Battle Of The O’s…Ownership and Objectivity

A Critical Doer understands following


One of the paradoxes of leadership is understanding how to follow, particularly when it comes to subordinate members of your organization.  One of the most common places where we see this cause problems is in the generation of ideas where ownership and objectivity can be at odds.  In short…ownership and objectivity are inversely proportional.

The theory behind this is simple…as humans, we tend to like our own ideas better than the ideas of others.  If you are in a position of leadership and the catalyst of ideas, you could inadvertently be stifling the creativity of an entire organization.

As an owner, it’s a natural tendency to defend ideas in which you are personally invested.  When your organization is doing exactly what you’ve likely asked it to do…take initiative and generate ideas that can give you a competitive edge…but by default you go into competition with them over an idea you have compromised yourself in the critical role of objective decider.

To create an environment where people are a wellspring of ideas and the leader maintains objectivity in deciding on which idea is best, here are some things to consider:

  1. Leaders should focus on vision rather than ideas. Vision targets identity and focus of an organization…ideas address “how” to bring a vision to life.  If leaders are forward looking and effectively communicate a vision for the future, people will generally come up with lots of ideas on how to make it happen.
  2. Leaders should focus on options. There are many ways to do this.  You can ask for options that accomplish an objective over different periods of time, different levels of investment, degrees of latitude to restructure an organization, etc.  The point is that in asking for types of ideas, it lets others take ownership and become personally invested while the decider maintains objectivity.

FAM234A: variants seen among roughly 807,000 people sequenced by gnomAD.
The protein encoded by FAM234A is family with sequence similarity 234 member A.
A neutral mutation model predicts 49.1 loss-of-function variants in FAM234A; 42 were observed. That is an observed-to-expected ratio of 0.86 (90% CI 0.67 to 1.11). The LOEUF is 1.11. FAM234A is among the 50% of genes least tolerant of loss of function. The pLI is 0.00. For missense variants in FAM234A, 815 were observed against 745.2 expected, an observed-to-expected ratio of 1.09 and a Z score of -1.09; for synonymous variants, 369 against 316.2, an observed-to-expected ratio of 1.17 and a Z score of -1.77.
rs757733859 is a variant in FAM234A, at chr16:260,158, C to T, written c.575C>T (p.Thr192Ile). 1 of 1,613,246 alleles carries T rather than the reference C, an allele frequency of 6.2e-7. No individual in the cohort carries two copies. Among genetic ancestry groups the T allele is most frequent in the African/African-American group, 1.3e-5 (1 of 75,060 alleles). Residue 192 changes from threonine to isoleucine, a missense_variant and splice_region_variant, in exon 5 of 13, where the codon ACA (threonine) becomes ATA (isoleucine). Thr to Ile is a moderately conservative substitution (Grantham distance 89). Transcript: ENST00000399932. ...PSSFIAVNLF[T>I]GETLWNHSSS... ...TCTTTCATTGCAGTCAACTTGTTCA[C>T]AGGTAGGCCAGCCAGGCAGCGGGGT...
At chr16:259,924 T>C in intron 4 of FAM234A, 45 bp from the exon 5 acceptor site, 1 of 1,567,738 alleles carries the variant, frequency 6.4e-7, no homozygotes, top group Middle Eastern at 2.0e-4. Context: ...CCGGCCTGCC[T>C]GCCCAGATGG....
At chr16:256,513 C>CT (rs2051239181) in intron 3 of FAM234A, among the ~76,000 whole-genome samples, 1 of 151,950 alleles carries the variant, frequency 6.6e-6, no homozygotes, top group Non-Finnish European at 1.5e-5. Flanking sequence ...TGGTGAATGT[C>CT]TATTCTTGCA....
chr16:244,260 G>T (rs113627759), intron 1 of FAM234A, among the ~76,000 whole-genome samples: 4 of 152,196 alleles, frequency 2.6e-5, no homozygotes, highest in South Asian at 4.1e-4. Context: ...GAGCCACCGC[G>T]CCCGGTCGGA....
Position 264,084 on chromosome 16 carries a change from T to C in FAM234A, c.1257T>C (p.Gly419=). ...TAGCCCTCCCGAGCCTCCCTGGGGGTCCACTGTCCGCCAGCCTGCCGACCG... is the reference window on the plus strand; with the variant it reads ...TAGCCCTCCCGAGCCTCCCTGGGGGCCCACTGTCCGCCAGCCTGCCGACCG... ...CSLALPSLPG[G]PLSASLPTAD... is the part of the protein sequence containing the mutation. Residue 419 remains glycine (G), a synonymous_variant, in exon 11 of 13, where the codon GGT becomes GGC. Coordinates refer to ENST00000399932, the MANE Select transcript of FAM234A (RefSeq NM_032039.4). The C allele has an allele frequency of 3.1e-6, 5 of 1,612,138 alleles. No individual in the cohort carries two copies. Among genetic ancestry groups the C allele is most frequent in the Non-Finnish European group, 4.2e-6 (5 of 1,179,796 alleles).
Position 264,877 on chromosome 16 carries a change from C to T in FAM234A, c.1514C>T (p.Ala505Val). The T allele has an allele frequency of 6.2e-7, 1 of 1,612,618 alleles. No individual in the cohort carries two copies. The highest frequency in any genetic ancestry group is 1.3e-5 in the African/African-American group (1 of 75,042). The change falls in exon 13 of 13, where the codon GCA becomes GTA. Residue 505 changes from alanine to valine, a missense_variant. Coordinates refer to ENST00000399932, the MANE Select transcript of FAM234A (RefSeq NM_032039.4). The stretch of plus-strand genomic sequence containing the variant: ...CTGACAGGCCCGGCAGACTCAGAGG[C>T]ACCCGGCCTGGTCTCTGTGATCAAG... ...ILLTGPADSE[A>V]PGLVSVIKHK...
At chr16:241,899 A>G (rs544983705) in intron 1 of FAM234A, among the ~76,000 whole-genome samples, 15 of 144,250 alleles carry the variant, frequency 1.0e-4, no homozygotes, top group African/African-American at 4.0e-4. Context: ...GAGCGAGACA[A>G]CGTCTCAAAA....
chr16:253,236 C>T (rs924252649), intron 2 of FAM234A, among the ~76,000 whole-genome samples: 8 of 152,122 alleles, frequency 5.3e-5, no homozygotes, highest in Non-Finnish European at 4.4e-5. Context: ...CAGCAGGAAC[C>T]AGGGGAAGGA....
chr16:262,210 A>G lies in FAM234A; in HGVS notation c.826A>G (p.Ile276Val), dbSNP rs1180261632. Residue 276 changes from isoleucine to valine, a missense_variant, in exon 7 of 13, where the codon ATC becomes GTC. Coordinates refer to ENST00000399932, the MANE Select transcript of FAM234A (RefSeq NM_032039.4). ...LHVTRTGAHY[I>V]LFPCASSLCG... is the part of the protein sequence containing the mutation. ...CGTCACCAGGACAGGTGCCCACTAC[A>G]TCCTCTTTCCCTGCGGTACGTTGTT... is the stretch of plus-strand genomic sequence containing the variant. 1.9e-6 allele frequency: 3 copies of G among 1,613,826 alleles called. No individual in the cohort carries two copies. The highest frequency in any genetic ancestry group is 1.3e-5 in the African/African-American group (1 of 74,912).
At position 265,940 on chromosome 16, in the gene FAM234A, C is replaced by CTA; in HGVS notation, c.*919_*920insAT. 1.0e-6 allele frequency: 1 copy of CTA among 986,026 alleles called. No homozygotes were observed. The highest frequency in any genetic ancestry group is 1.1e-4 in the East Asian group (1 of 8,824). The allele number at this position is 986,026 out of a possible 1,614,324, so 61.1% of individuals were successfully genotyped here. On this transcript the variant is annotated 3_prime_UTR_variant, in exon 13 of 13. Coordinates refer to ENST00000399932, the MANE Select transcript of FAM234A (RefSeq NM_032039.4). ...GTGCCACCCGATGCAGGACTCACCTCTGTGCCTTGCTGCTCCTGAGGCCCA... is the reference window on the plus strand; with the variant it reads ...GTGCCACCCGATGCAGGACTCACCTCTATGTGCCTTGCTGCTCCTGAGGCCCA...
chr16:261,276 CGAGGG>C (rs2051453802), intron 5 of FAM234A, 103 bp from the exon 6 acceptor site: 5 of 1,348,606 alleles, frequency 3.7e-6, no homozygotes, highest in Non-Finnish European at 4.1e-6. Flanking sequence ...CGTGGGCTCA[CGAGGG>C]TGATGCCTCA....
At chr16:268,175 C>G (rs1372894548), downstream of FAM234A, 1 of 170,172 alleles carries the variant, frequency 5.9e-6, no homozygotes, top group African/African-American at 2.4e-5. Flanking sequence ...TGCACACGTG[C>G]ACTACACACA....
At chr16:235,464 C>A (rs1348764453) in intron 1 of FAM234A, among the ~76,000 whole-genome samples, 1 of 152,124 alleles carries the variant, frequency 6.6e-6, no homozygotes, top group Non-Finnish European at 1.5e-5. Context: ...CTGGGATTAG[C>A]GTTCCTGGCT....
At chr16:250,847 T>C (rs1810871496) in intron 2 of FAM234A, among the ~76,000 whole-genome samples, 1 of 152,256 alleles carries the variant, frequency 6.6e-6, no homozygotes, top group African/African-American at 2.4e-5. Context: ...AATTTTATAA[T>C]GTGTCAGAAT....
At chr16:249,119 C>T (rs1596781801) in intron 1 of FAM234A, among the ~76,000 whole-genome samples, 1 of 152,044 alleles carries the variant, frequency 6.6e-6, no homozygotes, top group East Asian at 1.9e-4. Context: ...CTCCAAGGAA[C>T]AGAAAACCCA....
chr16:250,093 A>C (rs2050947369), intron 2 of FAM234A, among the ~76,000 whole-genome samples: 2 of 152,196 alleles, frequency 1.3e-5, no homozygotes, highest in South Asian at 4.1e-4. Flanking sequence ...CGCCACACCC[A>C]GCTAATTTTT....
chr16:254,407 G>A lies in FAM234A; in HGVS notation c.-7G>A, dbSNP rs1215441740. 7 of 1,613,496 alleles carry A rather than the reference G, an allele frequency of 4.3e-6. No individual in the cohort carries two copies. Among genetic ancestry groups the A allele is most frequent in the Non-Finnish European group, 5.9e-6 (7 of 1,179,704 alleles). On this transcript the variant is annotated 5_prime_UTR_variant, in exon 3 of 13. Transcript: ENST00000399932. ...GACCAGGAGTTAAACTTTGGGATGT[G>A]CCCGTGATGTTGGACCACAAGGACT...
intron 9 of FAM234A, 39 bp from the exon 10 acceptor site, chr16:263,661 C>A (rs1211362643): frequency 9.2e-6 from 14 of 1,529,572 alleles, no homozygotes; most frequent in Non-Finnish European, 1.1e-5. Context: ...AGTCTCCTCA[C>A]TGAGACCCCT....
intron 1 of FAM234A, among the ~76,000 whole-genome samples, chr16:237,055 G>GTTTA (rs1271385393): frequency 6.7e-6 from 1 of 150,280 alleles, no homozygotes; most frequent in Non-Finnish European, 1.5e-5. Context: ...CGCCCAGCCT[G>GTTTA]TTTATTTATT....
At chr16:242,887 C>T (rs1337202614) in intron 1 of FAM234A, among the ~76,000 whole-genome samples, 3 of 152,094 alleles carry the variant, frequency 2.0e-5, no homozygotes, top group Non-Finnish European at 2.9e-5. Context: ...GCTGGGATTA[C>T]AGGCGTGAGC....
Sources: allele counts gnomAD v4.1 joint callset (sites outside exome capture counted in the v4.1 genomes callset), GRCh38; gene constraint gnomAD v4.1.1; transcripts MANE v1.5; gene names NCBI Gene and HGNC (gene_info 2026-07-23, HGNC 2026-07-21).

3. Leaders should focus on analysis. While the organization is energetically developing ideas, the leader should be working on the criteria for analyzing those ideas and determining which is best.  Active listening, asking the right questions, and open communication are key to guiding the development of ideas without becoming personally invested.

Your challenge is reflect on a situation at home or work where you can improve performance by understanding how following is an important leadership skill that empowers people to have game-changing ideas and preserves your objectivity to choose the best one.  If you’re in charge, remember this…you were hired to lead the organization, not be the smartest person in the organization.  Preserve your objectivity, let your people own the ideas, and your organization will consistently outperform the competition while retaining top-shelf talent.  It’s what a Critical Doer would…do!


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Updated: October 10, 2015 — 11:07 pm

1 Comment

  1. Great truths here! Is amazing how successful we can become by asking subordinates or colleagues what they think about an issue or problem before we proselytize our own. Once we become confirmed in the tenet that we are not required to have all the answers, the door becomes open to a world of possible positive outcomes.

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